That said, I have been someone who likes to learn. I can remember during the early days of my career taking whatever professional development was available through my employer. And even my decision to go to grad school after working over 10 years didn't come as a surprise to any of my friends or family.
However, it wasn't until after I finished grad school and was considering doing a Masters in Business Administration (MBA) 5 years after completing my first graduate degree that I cultivated the current habits I have around self-help.
So here's the story. I saw several of my colleagues with advanced degrees beyond the Urban Planning degree we all possessed, being promoted at higher rates than those of us with just one advanced degree. So I decided to explore the option of going to get an MBA as I had read that it would yield the best return on investment. At that point, I knew that I wanted to be either an intrapreneur or an entrepreneur. My boss during that time, who is a force, has an MBA. Other women I knew who had made those investments in themselves were also making 6 and 7 figure salaries.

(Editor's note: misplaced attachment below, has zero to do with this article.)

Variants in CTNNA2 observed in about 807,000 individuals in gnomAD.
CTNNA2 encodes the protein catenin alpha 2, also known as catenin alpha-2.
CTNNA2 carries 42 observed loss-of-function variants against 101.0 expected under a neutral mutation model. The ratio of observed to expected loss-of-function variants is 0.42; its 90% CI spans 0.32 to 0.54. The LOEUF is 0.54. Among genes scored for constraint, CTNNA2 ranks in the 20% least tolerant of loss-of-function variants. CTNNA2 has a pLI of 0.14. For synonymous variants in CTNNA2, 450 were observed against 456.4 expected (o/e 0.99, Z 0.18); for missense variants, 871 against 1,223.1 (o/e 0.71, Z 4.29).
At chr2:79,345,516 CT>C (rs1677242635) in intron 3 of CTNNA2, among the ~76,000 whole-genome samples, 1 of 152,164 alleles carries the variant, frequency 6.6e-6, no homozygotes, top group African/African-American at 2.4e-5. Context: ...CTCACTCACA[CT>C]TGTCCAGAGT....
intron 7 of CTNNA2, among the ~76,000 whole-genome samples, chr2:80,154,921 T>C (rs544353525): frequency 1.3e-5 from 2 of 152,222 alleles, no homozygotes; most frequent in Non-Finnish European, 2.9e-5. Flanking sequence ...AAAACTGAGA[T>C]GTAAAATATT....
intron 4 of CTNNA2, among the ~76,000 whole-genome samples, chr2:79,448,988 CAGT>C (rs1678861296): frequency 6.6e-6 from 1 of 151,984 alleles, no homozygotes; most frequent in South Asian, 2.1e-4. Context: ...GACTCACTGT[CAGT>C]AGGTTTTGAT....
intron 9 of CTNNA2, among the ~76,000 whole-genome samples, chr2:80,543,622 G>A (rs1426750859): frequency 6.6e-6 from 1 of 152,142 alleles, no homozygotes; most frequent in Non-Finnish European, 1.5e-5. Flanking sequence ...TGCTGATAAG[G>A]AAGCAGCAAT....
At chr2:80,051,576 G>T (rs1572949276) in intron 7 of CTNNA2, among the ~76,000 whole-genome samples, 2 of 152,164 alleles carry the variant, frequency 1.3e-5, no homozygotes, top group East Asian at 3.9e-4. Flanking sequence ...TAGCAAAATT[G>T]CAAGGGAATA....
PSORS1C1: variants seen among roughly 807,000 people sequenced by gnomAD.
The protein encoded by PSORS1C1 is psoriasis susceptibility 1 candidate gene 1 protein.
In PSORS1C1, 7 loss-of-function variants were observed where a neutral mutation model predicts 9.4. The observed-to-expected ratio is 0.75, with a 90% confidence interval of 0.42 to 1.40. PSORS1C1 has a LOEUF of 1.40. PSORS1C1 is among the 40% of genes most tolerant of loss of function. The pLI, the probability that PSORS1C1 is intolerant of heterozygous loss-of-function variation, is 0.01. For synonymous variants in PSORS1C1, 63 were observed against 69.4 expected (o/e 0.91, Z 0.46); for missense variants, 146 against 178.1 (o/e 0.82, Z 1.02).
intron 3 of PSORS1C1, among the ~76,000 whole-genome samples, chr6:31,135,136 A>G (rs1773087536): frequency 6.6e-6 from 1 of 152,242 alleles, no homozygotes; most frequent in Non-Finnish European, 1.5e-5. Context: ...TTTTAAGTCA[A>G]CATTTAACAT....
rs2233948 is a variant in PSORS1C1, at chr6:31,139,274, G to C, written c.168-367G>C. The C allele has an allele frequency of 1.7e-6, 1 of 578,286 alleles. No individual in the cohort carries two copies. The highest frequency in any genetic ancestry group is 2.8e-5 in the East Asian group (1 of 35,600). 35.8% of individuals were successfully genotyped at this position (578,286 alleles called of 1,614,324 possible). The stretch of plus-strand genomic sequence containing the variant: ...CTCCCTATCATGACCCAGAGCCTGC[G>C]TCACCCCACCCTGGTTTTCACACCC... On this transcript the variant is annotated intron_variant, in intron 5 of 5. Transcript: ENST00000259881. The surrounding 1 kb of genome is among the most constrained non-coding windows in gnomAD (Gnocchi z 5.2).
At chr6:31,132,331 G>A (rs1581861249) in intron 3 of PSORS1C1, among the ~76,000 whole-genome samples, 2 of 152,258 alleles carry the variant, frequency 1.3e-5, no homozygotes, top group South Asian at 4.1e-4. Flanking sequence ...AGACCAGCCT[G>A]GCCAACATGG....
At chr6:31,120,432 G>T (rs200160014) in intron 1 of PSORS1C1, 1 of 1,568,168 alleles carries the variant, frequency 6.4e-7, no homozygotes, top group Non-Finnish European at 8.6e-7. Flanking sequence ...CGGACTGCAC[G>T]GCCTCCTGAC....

I discussed pursuing an MBA with both my mother and my partner. My mother recommended that I speak to my financial planner about this since there were both opportunity costs and financial costs in pursuing another master's degree. I needed to understand my financial health and the implications of taking such an action since I was already in significant debt from pursuing a Master's in Urban Planning from Columbia University.
I ended up having a very long conversation with my financial planner. During that session, he listened to my logic regarding pursuing an MBA. He also asked me to recount my short and long term goals. We ended our session with him asking me to explore alternatives before making the decision about the MBA given the mismatch between my personal financial goals and pursuing an MBA.
Fast forward 2 months later. After over 30 hours of internet research and informational interviews I came across a Blog that was about a book called Don't Pay for Your MBA. This served as my gateway into the self-help universe. It’s been 5 years since I took that leap. And I’m so glad I did.
If you want to know more about how to improve yourself and your business, check out our specialty retail resources here.